«Sally Patton UNITARIAN UNIVERSALIST ASSOCIATION BOSTON Copyright © 2004 by the Unitarian Universalist Association of Congregations. All rights ...»
You have never been able to see, so you have learned about your world primarily through touching and hearing. You’re very bright and independent and get around well with your cane. You don’t understand why people keep calling you brave or courageous because being blind is normal to you—it’s part of living. You do get upset, though, when someone says your eyes look funny or when they talk loudly to you, as if you’re deaf. You hate it when people tell you that you can’t do something because you’re blind without even asking you what you think.
“The last church my parents took me to didn’t know what to do with me.
They said that there was absolutely no way the teachers could accommodate me because I wouldn’t be able to do all the activities the other children were doing and I might fall and hurt myself. When my parents assured the minister that I could take care of myself and that I would let people know when I needed assistance, he reluctantly let me attend the Sunday school. Everyone treated me as if I was going to break. The teacher introduced me as “a very brave little boy.” Then she gave the children something to read but did not offer to read it to me. When I asked the kid next to me to read it to me, he got into trouble for talking out loud when he was supposed to be reading quietly. When the group was talking about all living things being related, the teacher brought in a bunny.
Everyone but me was allowed to hold the bunny. The teacher said that she was afraid I would hurt the bunny because I couldn’t see. I explained that I am very gentle because touching is a big part of how I learn about my world. So she let me hold the bunny for a second and then snatched it away. I felt her anxiety. I never want to go back to church.”
74 Learning Disabilities
I think that when I was born, I was put in a rocket ship and taken to another planet earth. I never felt that I was like anyone else here. From the time I was five, I can recall feeling like an outsider. I first remember feeling like an alien when I tried to communicate. People would raise their eyebrows and make other facial expressions of confusion when I tried to express myself.... Constant rejection created feelings of isolation and isolation created anger and anger created self-defeat.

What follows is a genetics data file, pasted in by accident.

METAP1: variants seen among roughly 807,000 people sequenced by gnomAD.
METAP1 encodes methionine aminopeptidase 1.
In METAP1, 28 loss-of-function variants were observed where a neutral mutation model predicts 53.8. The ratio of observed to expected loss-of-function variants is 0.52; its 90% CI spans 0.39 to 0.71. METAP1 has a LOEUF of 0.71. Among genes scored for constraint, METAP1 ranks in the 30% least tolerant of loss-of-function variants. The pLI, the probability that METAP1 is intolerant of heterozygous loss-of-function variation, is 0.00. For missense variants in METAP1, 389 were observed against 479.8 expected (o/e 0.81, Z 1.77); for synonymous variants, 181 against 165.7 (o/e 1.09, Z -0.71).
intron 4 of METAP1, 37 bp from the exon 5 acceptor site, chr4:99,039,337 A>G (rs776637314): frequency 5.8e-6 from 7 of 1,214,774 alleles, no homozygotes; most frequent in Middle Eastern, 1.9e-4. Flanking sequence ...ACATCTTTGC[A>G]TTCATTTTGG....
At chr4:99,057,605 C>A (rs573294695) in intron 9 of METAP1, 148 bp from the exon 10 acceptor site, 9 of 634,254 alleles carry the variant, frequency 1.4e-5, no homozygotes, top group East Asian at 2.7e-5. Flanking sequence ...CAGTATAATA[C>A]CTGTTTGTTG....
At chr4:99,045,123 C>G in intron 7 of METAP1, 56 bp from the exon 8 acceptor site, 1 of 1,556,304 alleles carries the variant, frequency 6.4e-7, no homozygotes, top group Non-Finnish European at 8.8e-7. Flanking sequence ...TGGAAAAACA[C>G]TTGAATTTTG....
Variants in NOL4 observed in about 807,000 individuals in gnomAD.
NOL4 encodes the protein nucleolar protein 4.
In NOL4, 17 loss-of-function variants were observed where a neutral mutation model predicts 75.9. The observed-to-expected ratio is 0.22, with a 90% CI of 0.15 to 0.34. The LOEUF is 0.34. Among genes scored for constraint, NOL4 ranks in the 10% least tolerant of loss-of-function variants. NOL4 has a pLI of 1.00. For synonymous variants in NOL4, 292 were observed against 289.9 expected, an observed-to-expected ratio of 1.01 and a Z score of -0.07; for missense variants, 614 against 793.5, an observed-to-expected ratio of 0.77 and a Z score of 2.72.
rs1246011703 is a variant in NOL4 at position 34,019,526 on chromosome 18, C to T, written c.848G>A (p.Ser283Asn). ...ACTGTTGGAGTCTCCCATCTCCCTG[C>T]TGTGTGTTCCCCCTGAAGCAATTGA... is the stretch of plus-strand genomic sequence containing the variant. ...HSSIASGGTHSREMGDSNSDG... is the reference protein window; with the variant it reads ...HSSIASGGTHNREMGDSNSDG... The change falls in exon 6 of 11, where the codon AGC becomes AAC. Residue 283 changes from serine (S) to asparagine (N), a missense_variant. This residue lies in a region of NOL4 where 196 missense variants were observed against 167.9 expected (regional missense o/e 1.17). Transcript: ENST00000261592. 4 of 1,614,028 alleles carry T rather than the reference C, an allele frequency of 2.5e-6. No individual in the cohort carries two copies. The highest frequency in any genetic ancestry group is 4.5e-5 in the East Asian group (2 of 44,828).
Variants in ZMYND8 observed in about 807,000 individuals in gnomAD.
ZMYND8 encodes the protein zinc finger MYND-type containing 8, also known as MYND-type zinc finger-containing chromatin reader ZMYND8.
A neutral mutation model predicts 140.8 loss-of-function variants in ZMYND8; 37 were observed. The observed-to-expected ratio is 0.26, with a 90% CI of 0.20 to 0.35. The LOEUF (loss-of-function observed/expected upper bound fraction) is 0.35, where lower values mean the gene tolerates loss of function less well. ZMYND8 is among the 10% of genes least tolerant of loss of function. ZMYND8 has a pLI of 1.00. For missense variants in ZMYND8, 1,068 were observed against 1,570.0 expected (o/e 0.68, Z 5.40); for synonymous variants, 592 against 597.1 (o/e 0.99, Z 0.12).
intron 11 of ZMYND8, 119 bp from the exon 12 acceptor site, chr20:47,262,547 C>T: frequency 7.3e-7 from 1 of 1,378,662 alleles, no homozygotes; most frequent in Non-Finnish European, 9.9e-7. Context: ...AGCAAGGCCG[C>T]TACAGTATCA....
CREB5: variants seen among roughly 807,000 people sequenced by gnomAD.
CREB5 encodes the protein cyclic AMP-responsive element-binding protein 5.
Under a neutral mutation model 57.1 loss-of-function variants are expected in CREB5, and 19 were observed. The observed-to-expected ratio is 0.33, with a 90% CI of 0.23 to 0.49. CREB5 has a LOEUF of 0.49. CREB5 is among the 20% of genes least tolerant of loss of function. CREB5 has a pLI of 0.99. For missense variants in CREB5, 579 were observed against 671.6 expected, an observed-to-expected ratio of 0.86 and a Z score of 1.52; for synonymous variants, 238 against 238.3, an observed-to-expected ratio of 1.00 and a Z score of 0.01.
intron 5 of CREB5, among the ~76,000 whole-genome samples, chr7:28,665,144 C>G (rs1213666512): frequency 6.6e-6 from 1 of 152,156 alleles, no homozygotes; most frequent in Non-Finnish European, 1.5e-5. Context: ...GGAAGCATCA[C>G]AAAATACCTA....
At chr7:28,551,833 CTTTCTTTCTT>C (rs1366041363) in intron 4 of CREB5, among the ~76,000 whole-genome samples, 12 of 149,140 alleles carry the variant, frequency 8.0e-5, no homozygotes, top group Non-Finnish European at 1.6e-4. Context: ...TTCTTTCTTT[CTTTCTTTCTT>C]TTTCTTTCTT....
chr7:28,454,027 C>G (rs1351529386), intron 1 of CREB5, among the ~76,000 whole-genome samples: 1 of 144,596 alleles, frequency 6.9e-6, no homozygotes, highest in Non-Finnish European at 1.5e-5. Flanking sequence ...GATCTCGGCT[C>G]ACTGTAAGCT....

—Larry B. Silver, The Misunderstood Child Ours is a culture that prizes the verbal and logical modes of learning, and these modes dominate the approach to teaching in our schools. Children who succeed in school are those who can master these preferred ways of learning. Most children who learn and think in significantly different ways receive less support in school and may come to consider themselves deficient and even stupid. Many times, these feelings are reinforced by adults who think that these children are lazy or unintelligent. The struggles of children with learning differences are profound and their true gifts often go unnoticed.
This problem is becoming even more acute with the use of standardized testing to determine educational competence. Given
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the importance of these tests, teachers often resort to “teaching to the test.” When this happens, the teacher’s ability to support children’s different learning styles and foster creativity is severely jeopardized. This situation threatens to solidify intolerance in our culture for diversity of learning and knowing and forces more and more children into special education.
To understand the children in our faith communities who have been identified as learning disabled, we have to look at the prevalent perceptions about learning disabilities. Dr. Thomas Armstrong, an education specialist, states that it is the society that defines who is disabled. He gives the example of the Anang culture in Nigeria, in which children learn hundreds of songs and play numerous percussion instruments. In this society, someone who is not very musical is considered unintelligent.1 In Our Labeled Children, Robert Sternberg and Elena Grigorenko write, “Learning disabilities are labeled as such through the interaction of an individual with the environment. Virtually all individuals have disabilities of one kind or another, but society chooses to label only some of these learning disabilities.”2 Children labeled as learning disabled are frequently treated as if there is something wrong with them, and this is how society defines them.
We often see the results of this labeling in church when children act out and demonstrate low self-esteem.